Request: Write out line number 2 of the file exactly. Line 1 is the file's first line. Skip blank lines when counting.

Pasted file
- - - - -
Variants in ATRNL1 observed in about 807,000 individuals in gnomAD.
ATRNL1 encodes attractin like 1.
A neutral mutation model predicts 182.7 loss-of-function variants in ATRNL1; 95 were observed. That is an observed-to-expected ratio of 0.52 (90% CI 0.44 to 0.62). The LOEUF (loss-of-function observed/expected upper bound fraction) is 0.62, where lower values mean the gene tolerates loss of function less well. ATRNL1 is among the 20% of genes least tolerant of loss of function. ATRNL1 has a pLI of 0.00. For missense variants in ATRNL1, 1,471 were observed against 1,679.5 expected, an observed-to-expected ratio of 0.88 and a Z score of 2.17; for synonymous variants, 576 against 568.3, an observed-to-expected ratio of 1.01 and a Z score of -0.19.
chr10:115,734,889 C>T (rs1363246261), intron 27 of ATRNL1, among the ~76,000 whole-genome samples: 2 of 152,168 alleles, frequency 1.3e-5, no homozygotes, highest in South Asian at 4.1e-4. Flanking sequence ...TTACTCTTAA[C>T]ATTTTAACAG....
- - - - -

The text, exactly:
ATRNL1 encodes attractin like 1.